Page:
Cost of Living in Greece

Greece's economic difficulties have resulted in a decrease in the cost of living, especially in terms of housing and rental prices. However, this doesn't change much for Greeks struggling with rising unemployment, lower salaries and significantly reduced purchasing power. Conversely, this does present an opportunity for expats to invest in property in Greece, in light of the government's emphasis on foreign investment.

Jobs in Greece are hard to come by, particularly for expats, since Greek legislation requires employers to prove that any position filled by a foreigner cannot be filled by a Greek citizen. Most expats in Greece that aren't in low paid jobs are retired, teach English or are in the country because of an intra-company transfer. 

For those who find a way around the comparatively low salaries, living costs in Greece are much cheaper than other major European cities. For instance, a month's expenses, including rent in Athens, can cost almost half of what it would in London; however, Greece is still far more expensive than cities such as Mumbai. 

As with other destinations, the cost of living in Greece varies depending on location. The mainland is generally cheaper than the Greek islands when it comes to fuel and certain basic goods. The countryside is cheaper than cities but offers a much smaller range of products and services. Athens's northern and southeastern suburbs are the most expensive areas on the mainland, while the most expensive islands are those which attract the most tourists. Chief among these are Rhodes, Mykonos, Santorini, Corfu and Crete. 


Cost of accommodation in Greece

Buying and renting accommodation in Greece has progressively become cheaper, and foreigners who invest a certain amount of money in Greek property have the right to apply for residency. This hasn't benefited most locals directly, but it does present an opportunity for expats to purchase a house or apartment that suits their needs at a reduced price. It is recommended that those looking at moving to Greece rent first in order to get an idea of the market. 


Cost of food in Greece

Greek food culture is famous and food in Greece is generally quite cheap, making for a happy combination. On the other hand, austerity measures have resulted in some of the highest VAT rates in the EU, meaning that the costs of basic products are not as low as one might expect. However, the VAT rate for food is lower than other goods and the wide range of locally grown produce means that eating cheaply and well is not difficult. 


Cost of transportation in Greece

Driving in Greece is notorious for being somewhere between challenging and perilous. For expats who do intend on driving their own vehicles, car insurance is a must and is included with almost all vehicle rentals. In the case of hiring a car in Greece, it is important to check what kind of insurance is on offer, as the costs of hiring a vehicle may be more than expats' budgets.

The alternative is public transport. Most people who take public transport in Greece take a bus, or, in Athens, the metro.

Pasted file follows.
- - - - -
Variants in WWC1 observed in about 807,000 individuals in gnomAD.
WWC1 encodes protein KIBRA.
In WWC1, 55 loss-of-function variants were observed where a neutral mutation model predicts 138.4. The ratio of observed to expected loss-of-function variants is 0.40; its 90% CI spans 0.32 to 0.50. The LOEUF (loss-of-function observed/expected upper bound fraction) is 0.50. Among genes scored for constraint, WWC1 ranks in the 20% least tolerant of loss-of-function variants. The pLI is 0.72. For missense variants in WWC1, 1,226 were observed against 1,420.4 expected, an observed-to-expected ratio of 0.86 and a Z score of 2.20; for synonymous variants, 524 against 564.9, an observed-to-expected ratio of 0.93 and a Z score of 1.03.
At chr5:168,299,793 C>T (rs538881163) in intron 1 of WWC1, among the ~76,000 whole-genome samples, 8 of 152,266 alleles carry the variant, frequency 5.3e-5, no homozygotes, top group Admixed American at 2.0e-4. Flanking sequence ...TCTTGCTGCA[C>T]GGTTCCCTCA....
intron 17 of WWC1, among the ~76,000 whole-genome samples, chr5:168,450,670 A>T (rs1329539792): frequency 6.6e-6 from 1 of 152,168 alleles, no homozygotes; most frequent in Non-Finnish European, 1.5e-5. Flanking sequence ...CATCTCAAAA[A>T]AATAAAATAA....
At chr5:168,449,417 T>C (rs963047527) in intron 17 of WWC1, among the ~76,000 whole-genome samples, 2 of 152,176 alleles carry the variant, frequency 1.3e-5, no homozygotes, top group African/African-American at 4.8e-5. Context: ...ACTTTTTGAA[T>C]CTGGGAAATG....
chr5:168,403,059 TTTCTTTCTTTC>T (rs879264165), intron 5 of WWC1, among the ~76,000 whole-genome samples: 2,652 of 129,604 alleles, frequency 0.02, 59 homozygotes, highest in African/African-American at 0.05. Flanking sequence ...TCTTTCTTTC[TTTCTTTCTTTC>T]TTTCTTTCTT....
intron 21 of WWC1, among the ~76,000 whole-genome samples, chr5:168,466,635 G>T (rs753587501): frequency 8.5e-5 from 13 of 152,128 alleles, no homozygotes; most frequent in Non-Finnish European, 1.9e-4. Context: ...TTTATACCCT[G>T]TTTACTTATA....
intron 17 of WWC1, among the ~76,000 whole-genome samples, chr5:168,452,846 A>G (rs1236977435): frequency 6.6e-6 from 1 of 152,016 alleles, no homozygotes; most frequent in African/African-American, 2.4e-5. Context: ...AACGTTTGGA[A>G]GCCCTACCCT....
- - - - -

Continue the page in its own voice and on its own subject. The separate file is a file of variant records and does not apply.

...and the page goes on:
Cost of education in Greece

The Greek education system requires students in public schools to be taught in Greek. In light of this, the children of expats who are not staying for the long-term often go to a private international school. Some expats do elect to put their children in Greek public schools, especially if they intend on staying in the country. Owing to the standard of many schools, Greek parents who can afford it have also been known to spend thousands on private tutors.

Private schools in Greece cost more than public schools, prices differ between individual schools, and prices go up as children progress through their school careers. 


Cost of Living in Greece chart 

Prices may vary depending on product and service provider. The list below shows average prices in Athens as of April 2017.

Accommodation (monthly rent in a good area)

Furnished one-bedroom apartment in city centre

EUR 470

Furnished one-bedroom apartment outside of city centre

EUR 320

Furnished three bedroom apartment in city centre

EUR 650

Furnished three bedroom apartment outside of city centre

EUR 470

Shopping

Eggs (dozen)

EUR 3.80

Milk (1 litre)

EUR 1.20

Rice (1kg)

EUR 1.62

Loaf of white bread

EUR 0.83

Chicken breasts (1kg)

EUR 6.44

Pack of cigarettes (Marlboro)

EUR 4.00

Eating out

Big Mac meal

EUR 7.00

Coca Cola (330ml)

EUR 1.44

Cappuccino 

EUR 2.90

Bottle of local beer

EUR 3.50

Three course meal for two at a mid-range restaurant

EUR 30

Utilities/household (monthly)

Mobile to mobile call rate (per minute)

EUR 0.25

Internet (Uncapped ADSL or cable – average per month) 

EUR 20.42

Basic utilities (per month for small apartment)

EUR 136

Transportation

Taxi rate (per kilometre)

EUR 0.80

Bus/train fare in the city centre 

EUR 1.40

Petrol/Gasoline (per litre)

EUR 1.46

Zografia Avgerou

Zografia is a self-employed craftswoman living in Thessaloniki. A Greek native, she has experienced the effects of the Greek debt crisis first hand. She specialises in jewellery, home decoration, recycling objects and fashion. www.bisozozo.com.